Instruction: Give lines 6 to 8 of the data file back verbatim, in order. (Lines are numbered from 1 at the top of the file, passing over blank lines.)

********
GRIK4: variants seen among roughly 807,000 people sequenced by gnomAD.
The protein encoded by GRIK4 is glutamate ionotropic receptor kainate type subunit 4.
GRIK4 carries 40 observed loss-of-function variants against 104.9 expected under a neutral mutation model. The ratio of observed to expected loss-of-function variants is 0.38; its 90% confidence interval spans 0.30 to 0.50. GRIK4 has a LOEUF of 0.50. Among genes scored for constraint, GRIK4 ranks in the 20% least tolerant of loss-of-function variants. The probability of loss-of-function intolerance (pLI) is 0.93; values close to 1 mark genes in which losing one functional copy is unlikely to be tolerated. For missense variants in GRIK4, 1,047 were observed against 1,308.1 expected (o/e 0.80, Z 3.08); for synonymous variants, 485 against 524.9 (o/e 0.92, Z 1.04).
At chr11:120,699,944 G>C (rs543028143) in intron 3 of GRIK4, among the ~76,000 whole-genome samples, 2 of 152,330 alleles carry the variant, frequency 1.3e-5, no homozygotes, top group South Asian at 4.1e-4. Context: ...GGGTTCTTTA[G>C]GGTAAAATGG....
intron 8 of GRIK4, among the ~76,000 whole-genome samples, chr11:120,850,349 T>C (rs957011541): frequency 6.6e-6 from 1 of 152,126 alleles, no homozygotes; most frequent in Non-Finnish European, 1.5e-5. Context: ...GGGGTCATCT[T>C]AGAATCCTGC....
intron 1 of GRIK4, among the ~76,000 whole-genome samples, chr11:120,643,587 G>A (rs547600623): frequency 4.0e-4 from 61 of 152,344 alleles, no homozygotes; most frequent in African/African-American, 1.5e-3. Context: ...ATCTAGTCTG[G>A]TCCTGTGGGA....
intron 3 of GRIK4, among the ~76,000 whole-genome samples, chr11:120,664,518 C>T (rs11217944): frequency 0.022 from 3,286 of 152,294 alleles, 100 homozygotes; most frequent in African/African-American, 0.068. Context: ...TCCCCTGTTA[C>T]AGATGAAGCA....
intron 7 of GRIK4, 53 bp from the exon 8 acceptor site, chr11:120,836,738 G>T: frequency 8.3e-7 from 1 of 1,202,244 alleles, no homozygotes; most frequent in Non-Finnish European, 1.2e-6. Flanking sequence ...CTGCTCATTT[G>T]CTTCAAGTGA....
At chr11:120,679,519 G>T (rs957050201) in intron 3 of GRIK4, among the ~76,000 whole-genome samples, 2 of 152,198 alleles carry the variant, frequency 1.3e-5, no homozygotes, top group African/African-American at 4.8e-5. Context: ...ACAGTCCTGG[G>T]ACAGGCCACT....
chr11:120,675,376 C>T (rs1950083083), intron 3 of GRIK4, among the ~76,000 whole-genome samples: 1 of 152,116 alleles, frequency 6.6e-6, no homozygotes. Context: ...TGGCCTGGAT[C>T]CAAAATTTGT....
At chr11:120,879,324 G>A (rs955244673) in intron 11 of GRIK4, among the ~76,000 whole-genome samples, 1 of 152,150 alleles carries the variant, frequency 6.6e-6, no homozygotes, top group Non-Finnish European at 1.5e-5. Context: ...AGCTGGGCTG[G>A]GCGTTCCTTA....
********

intron 1 of GRIK4, among the ~76,000 whole-genome samples, chr11:120,643,587 G>A (rs547600623): frequency 4.0e-4 from 61 of 152,344 alleles, no homozygotes; most frequent in African/African-American, 1.5e-3. Context: ...ATCTAGTCTG[G>A]TCCTGTGGGA....
intron 3 of GRIK4, among the ~76,000 whole-genome samples, chr11:120,664,518 C>T (rs11217944): frequency 0.022 from 3,286 of 152,294 alleles, 100 homozygotes; most frequent in African/African-American, 0.068. Context: ...TCCCCTGTTA[C>T]AGATGAAGCA....
intron 7 of GRIK4, 53 bp from the exon 8 acceptor site, chr11:120,836,738 G>T: frequency 8.3e-7 from 1 of 1,202,244 alleles, no homozygotes; most frequent in Non-Finnish European, 1.2e-6. Flanking sequence ...CTGCTCATTT[G>T]CTTCAAGTGA....